These were the same qualities that led to the dialogue of love between him and his students, all during his teaching career, and above all, his inherent modesty – genuine, personal, and special to Haim Zalman Dimitrovsky. Through his years as Professor of Talmud at the Jewish Theological Seminary of America, and later at the Hebrew University, Dimitrovsky trained generations of scholars of Talmud and Midrash.
These strengths mark his scholarship also: scholarly precision with loving mastery of his material persisted in his ongoing project of putting order into the texts and uncovering the depth level of correct meaning: “nahara nahara ufashtei“.
It is therefore not surprising that he gave preference to the literature of the rishonim – its profound depths require scholarly expertise as a sub-discipline in itself: “tzvat bi-tzvat asuya“. For example, Rashba, the chief disciple of the Nahmanidean school, as well as a decisor who wrote thousands of responsa – only a true scholar – astute, with the entire rabbinic corpus at his fingertips – is equal to the task of transmitting the Rashba to future generations. Dimitrovsky did so, from editing the Rashba’s novellae to compiling his responsa, with all their fragments. Every conversation with Prof. Dimitrovsky demonstrated that this was a labor of love.
Consider also the neglected, abstruse discipline of elucidating the writings of the early aharonim, namely, the masters of pilpul, who formed the link to the following generations while their own teachings were nearly forgotten, overshadowed by both rishonim and aharonim. Dimitrovsky stepped in, shed light, analyzed, and breathed new life into their words. His illumination of the semikha controversy likewise typifies his work which was devoted to the intermediate generation.
Another lost corpus restored by Dimitrovsky was the editions of the Talmud printed in Spain and Portugal before the expulsion. These disconnected dry bones were restored to their grandeur and provided with his fully innovative history of these little known prints.
Thus he was able to direct a concentrated in-depth focus to the commentarial and halakhic works of the Rashba; the printers of the forgotten edition of the Talmud dating from before the expulsion from Spain; of Y. Berav and Joseph Karo in the context the semikha controversy; and the entire genre of pilpul. Armed with profound powers of analysis on the one hand, and a restrained style, on the other, he has thereby enabled us to restore our own link to this almost-forgotten generation, and to hear – through his words – their muted majesty.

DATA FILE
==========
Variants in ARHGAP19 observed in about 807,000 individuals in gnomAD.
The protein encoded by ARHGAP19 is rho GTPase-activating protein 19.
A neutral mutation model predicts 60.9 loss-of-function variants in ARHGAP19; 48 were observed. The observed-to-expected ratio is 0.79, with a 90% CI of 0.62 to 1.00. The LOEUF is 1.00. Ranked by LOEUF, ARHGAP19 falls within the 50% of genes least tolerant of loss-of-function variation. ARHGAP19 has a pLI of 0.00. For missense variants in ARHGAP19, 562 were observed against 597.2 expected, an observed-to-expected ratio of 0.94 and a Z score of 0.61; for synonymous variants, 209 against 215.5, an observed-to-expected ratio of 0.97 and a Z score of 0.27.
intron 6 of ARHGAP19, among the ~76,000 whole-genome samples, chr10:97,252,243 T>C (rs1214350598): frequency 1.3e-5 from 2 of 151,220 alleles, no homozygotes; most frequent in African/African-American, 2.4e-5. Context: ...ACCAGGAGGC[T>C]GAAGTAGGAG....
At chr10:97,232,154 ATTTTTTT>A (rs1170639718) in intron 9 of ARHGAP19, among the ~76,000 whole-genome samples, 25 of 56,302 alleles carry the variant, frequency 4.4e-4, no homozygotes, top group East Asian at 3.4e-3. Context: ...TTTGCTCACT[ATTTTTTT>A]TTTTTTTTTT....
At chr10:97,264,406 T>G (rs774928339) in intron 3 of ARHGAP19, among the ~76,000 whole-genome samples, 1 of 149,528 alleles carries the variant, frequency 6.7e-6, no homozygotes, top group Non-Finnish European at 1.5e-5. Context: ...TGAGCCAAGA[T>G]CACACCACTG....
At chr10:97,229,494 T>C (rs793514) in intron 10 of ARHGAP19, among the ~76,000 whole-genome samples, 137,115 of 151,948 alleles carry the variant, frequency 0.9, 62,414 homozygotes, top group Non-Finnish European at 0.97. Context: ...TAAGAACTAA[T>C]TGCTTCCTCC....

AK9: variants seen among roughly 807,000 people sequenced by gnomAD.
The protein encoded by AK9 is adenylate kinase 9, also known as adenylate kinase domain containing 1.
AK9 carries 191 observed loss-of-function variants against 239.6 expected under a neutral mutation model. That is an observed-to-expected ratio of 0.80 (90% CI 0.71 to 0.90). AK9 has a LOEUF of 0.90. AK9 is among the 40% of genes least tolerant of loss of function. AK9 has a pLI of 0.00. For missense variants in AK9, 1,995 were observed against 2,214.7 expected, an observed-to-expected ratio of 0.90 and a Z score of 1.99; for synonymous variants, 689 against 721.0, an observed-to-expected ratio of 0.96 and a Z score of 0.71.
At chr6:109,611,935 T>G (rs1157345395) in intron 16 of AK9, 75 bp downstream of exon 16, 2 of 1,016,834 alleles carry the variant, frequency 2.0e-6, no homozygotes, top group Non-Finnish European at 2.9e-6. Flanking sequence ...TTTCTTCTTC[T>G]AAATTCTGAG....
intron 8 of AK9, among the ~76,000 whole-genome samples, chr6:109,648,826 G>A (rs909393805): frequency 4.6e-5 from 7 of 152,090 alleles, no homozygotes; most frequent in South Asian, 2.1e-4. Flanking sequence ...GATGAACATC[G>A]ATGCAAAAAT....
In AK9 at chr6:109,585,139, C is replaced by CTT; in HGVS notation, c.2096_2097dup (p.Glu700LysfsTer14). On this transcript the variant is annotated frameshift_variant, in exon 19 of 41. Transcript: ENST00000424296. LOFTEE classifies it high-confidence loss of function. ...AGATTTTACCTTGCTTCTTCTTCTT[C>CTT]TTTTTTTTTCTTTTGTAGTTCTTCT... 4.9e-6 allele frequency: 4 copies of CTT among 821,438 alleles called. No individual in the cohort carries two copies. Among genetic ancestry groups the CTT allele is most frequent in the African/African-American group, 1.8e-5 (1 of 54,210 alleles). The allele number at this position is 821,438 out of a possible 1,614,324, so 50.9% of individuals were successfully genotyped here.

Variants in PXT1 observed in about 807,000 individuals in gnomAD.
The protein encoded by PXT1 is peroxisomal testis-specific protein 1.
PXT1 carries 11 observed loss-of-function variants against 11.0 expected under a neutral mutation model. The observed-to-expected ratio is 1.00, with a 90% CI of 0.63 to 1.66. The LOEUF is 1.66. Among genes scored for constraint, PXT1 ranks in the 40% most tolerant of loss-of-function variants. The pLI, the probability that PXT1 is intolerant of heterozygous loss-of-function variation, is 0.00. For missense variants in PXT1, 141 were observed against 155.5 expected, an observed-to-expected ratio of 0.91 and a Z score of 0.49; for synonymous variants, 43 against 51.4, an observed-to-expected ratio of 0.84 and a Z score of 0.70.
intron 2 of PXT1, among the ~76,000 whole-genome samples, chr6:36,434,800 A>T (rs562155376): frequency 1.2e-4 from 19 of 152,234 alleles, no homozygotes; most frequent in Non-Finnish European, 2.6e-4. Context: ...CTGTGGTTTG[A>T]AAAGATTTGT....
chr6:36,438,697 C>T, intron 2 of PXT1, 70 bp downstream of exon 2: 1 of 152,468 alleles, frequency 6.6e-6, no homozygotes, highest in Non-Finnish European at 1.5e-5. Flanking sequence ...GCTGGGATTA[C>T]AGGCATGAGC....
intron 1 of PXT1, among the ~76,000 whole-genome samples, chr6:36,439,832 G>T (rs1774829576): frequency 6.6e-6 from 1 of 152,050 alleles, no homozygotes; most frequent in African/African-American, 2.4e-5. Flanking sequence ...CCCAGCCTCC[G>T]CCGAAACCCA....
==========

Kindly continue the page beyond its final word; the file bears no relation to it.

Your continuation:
We were deeply gratified in 1994, when the unique achievements of our teacher, so well know to us, his students, were publicly recognized with the award of an Israel Prize in an official ceremony.
Shamma Friedman is the Benjamin and Minna Reeves Professor of Talmud and Rabbinics at The Jewish Theological Seminary teaching at The Schechter Institute of Jewish Studies, and Adjunct Professor in the Talmud Department at Bar Ilan University.
This past Sunday, Professor Hayim Zalman Dimitrovsky was laid to rest in his hometown of Jerusalem. Professor Dimitrovsky was one of the greatest talmudic philologists of the previous century, and his research included pioneering talmudic higher criticism, scientific editions of medieval talmudic commentators, a collection of fragments of early Spanish talmudic prints accompanied by an indispensable guide to this phenomenon, and intellectual biographies of schools of talmudic study. Professor Dimitrovsky merited to learn with some of the greatest Talmudists of the early twentieth century, including J.N. Epstein and Simcha Assaf. More importantly, from his post at the Jewish Theological Seminary and later, at the Hebrew University Talmud department, he succeeded in raising generations of scholars who not only continued his work, but advanced the field in completely new (and different) directions. His death is a loss not only for his family, friends, students and colleagues, but for the field at large. He was the last of a generation.
In the coming days, the Talmud blog will be sharing brief remarks in memory of Prof. Dimitrovsky from those who knew him best. May his memory be a source of comfort to all who studied with him, and all who have studied his works.